B.C. serial killer Robert Pickton will soon become eligible for day parole, prompting the families and friends of his victims to hold a candlelight vigil on Wednesday at Pickton’s farm where the murders took place. 

Pickton was charged with murdering 26 women and would later claim his murder tally to be 49. In 2007, he was convicted of six counts of second-degree murder.

He was sentenced to life in prison without parole for 25 years, however, he will be eligible for day parole on Thursday, and full parole in 2027. 

Pickton often preyed on women who were prostitutes, drug abusers or homeless, inviting them to stay at his pig farm in Port Coquitlam, where they would later be raped, tortured and killed. 

News of his day-parole eligibility sparked outrage from the victim’s families and friends, who announced that they would be holding a candlelight vigil at the site of the Port Coquitlam farm.  

“It’s been very difficult,” said Lorelei Williams, a cousin of victim Tanya Holyk, in an interview with CityNews.

Holyk’s DNA was discovered on the property.  

“It’s sickening. I can’t believe it’s already coming up. I can’t believe so much time has passed. I still can’t believe that no one else has gone to jail for this, as well,” said Holyk.

“I already don’t trust the justice system, and this just makes me not trust it even more because the fact that a person like this could be let out of jail, or who would apply. I really don’t believe that he’ll be given day parole, but the fact he can apply, it’s disgusting. Our system isn’t a justice system at all.”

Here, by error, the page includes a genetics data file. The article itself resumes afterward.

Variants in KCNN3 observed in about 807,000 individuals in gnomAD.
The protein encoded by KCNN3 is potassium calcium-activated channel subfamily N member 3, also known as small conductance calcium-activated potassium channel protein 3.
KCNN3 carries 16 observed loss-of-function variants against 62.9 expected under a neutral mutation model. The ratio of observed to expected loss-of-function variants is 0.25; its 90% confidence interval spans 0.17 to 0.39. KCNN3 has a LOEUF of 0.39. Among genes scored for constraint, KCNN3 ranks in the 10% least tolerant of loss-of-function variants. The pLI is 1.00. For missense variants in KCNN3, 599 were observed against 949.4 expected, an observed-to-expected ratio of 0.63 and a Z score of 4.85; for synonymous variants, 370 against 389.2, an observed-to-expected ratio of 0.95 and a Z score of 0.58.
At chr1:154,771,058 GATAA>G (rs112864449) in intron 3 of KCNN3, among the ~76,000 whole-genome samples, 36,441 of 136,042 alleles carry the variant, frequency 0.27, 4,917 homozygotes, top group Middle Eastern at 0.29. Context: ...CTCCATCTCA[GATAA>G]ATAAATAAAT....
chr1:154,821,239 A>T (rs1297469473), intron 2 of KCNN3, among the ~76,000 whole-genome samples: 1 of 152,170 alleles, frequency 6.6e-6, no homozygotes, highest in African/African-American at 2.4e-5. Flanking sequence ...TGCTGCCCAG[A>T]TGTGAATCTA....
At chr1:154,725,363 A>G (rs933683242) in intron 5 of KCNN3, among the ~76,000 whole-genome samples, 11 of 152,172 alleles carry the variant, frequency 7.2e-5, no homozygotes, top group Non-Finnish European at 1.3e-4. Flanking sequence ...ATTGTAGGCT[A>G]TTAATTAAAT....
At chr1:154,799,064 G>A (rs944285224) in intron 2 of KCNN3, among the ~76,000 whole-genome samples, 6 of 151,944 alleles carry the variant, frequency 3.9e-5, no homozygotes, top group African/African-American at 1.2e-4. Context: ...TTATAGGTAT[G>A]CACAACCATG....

Pickton was never charged for the murder of Holyk, despite her remains being found on his property, something that has left her family in disbelief for years.

Holyk’s case was no exception, 19 other investigations against Pickton were stayed because the Crown had secured six convictions.  

“That’s not justice for my family,” said Williams. “I want justice for my family. Why can he not be charged with my cousin’s murder? Her DNA was found on that farm.”

“I just think about Tanya and how old she would have been today and what life would be like if she were here and if she were around. What keeps me going is the fact that what I’m going through right now is nothing compared to what my cousin went through.

“That’s what keeps me going. I will keep doing this for Tanya. I will keep fighting for her because I can.”

According to the Toronto Sun, the RCMP asked permission to destroy around 14,000 pieces of evidence related to investigations against Pickton last December.

The victim’s families spoke out about the news and demanded answers for this during a press conference last month. 

“Why in this case are they trying to erase the evidence?” said Sarah Jean de Vries, the daughter of a woman whose remains were discovered on Pickton’s farm after she went missing from Vancouver’s Downtown Eastside in 1998.

Lorelei Williams told CityNews that she was never made aware of the evidence disposal.

“They never informed my family. This has been so traumatizing for me,” she said.